7) Are these oldies goodies?
Whenever he gets around to actually signing on for another year, third-string QB hopeful Vinny Testaverde, 43, will be the roster’s elder statesman. Yet linebacker is where the real graybeards reside. Seau, 38, and recently signed Chad Brown, 37, have combined for 33 NFL seasons. They project as backups – Brown is no lock to make the roster – but the starting unit is long in the tooth, too. It’s a safe bet that Thomas (who turns 30 in August), Vrabel (32 the same month) and Rosevelt Colvin (30 in September) haven’t lost a step. But there’s no denying that there’s some mileage on their treads. As for Tedy Bruschi, 34, he’s suffered a stroke, a calf injury and a broken wrist the last two years, and the big plays were fewer and far between from him in 2006, even though he led the team with 124 tackles. By all means pick up his new book (“Never Give Up: My Stroke, My Recovery and My Return to the NFL”) but look for him to be spotted more than usual this year, either by Seau (who has been injury hexed himself lately) or third-year man Eric Alexander.
8) Will the Patriots miss Dan Graham?
When the Pats drafted Benjamin Watson in the first round in 2004, wasn’t it inevitable that Graham would wind up playing for his hometown Broncos when his contract expired? Now it’s come to pass, depriving the Patriots of perhaps the best blocking tight end in the game. Luckily, they snagged Kyle Brady, 35, in free agency. His pass-catching days might be over, but he’s so big (6-6, 280) he ought to wear a license plate instead of a number. Tight end is an interesting mix this year. Watson still has jaw-dropping physical tools – remember his rundown of Champ Bailey in the playoffs two years ago? – and he’s coming off a career-best season (49 catches, 643 yards). Still, he might never be Tony Gonzalez or Antonio Gates, at least in this offense, and he had some dropsies last season. Plus, there’s intriguing competition from second-year guys David Thomas and Garrett Mills.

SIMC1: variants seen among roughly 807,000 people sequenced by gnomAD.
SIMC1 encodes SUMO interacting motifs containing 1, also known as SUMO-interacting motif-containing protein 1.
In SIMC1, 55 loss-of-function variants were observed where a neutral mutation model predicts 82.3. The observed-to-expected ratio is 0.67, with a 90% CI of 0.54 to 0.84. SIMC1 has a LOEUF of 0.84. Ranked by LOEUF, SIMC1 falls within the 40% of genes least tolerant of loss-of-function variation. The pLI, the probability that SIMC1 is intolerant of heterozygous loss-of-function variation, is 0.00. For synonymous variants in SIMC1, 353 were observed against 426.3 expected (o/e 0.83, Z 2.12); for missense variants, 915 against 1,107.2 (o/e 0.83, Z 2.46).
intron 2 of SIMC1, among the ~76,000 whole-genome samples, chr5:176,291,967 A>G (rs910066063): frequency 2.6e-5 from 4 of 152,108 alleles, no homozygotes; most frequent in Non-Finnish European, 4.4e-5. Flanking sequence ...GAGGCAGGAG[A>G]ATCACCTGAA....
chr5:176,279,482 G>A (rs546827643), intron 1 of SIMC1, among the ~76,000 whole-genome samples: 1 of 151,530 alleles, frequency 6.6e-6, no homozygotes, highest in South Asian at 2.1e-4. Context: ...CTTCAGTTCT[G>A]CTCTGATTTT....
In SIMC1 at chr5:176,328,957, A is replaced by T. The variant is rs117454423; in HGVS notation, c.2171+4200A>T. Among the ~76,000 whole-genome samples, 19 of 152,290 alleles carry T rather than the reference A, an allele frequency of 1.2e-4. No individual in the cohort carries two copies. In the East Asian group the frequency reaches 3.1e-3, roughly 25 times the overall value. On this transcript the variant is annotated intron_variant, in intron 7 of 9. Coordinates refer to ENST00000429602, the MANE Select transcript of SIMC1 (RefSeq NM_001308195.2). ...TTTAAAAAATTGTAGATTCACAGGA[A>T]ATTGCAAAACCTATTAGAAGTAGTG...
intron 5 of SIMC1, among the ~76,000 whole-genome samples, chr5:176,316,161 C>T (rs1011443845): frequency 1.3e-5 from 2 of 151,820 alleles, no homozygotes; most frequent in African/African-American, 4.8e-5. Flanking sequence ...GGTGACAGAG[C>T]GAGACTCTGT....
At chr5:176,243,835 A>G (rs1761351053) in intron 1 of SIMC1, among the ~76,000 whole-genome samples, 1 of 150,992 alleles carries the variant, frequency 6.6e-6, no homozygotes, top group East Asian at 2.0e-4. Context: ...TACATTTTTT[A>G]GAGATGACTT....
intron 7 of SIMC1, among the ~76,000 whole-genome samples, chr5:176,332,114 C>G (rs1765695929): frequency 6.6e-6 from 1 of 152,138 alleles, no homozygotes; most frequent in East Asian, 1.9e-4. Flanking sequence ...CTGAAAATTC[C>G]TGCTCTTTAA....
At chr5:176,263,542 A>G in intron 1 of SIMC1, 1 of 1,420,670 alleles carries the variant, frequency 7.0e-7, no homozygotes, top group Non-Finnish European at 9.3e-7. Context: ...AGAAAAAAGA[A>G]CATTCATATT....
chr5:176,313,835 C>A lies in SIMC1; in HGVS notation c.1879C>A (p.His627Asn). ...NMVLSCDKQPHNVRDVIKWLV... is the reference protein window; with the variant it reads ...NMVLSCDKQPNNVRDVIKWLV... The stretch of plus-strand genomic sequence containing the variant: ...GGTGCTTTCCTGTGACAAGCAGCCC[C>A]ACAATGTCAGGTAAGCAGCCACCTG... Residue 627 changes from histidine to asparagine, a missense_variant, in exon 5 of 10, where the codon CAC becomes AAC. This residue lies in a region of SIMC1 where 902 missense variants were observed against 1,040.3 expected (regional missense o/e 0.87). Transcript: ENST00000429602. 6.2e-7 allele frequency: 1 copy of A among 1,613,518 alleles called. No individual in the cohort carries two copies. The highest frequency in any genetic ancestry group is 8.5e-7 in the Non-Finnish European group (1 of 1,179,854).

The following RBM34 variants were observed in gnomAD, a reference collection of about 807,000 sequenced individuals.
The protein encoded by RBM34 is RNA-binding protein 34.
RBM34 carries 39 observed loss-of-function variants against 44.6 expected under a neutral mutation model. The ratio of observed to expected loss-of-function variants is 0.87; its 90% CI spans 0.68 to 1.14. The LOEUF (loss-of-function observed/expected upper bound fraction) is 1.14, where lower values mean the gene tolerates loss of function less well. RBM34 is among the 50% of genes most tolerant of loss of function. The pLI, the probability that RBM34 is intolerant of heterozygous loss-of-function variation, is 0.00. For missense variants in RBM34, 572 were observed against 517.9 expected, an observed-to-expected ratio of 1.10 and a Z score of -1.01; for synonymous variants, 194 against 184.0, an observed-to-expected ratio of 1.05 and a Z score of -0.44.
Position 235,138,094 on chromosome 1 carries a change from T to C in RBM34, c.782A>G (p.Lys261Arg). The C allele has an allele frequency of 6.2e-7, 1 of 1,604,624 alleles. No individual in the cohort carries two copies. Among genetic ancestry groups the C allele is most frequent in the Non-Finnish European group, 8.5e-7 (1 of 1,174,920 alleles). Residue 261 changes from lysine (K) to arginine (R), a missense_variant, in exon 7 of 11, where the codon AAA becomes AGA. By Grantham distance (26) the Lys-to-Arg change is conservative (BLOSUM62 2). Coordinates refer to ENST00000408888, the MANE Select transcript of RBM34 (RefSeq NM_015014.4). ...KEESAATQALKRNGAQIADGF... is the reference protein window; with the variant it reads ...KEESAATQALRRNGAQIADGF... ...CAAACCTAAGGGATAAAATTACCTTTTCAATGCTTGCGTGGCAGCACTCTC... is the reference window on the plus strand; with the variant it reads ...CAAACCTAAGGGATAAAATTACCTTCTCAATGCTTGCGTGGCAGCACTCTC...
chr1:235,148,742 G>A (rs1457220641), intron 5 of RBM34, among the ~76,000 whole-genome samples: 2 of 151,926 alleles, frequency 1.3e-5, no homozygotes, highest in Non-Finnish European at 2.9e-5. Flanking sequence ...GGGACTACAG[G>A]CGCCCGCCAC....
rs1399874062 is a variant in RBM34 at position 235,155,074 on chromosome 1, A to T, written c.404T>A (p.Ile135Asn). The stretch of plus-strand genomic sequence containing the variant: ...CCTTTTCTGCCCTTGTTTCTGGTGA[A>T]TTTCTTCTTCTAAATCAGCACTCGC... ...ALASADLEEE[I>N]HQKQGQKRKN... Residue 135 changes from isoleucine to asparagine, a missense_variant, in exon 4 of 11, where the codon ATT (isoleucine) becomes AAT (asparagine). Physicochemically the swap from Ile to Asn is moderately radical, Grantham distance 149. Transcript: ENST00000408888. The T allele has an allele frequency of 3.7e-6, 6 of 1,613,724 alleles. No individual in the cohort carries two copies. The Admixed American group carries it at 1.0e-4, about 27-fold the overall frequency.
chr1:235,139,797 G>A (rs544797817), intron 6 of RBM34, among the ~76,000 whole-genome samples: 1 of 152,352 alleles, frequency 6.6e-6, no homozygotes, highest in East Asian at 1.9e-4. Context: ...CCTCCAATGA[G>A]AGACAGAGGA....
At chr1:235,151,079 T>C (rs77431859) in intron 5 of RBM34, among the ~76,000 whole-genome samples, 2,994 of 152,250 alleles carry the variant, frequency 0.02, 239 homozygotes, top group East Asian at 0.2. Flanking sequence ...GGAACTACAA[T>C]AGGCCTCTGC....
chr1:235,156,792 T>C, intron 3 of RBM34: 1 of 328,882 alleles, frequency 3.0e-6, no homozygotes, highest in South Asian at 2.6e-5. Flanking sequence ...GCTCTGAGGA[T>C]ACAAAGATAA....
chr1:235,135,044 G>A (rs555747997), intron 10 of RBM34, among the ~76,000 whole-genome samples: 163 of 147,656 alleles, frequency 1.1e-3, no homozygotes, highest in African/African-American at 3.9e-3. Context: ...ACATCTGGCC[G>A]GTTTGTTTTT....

9) Can Josh McDaniels push the right buttons?
In 2005, his first (unofficial) year as offensive coordinator, McDaniels was hamstrung by injuries that crippled the running game. Last year, Maroney got dinged up at times, Dillon was on his last legs, and the re-made passing game (minus Branch and David Givens) came in fits and starts. Remember the stories of Brady running patterns to try to demonstrate the offense to Caldwell and Gaffney? Still, the offense ranked 11th in yards, and the Pats were seventh in scoring. Now McDaniels, still only 31, looks to have all his ducks in a row. (Assuming that Maroney is healthy, of course.) So how does the OC deal with prosperity? Can he keep everybody happy? OK, that’s not really a big priority in Foxboro, but the first 17-14 loss might bring some heat in his direction. An added twist – this season the NFL is mandating greater media access to assistants, so we might actually get to hear what McDaniels thinks.
10) What are the position battles?
If you want sexy summer fights, sorry, you’ve come to the wrong team. No Stephen Gostkowski-Martin Gramatica showdown this time. The receiver free-for-all will be fun, and the secondary bears watching, but everyone who makes the roster at those spots will get plenty of playing time. For more traditional camp mano-a-manos, we direct your attention to punter (where veteran Josh Miller will try to fend off kids Danny Baugher and Tom Malone), right tackle (Ryan O’Callaghan and Nick Kaczur should slug it out) and maybe quarterback (where the question is whether Testaverde can convince the Pats to burn a roster spot for a third-stringer who could double as an unofficial assistant QB coach). There should be competition at punt- and kick-returner, too. Welker has mad skills there, but Hobbs (36-yard average, including a 93-yard touchdown) and Maroney (28.0, 77-yard runback) showed promise on kickoffs last season.
Eric McHugh of The Patriot Ledger (Quincy, Mass.) may be reached at firstname.lastname@example.org.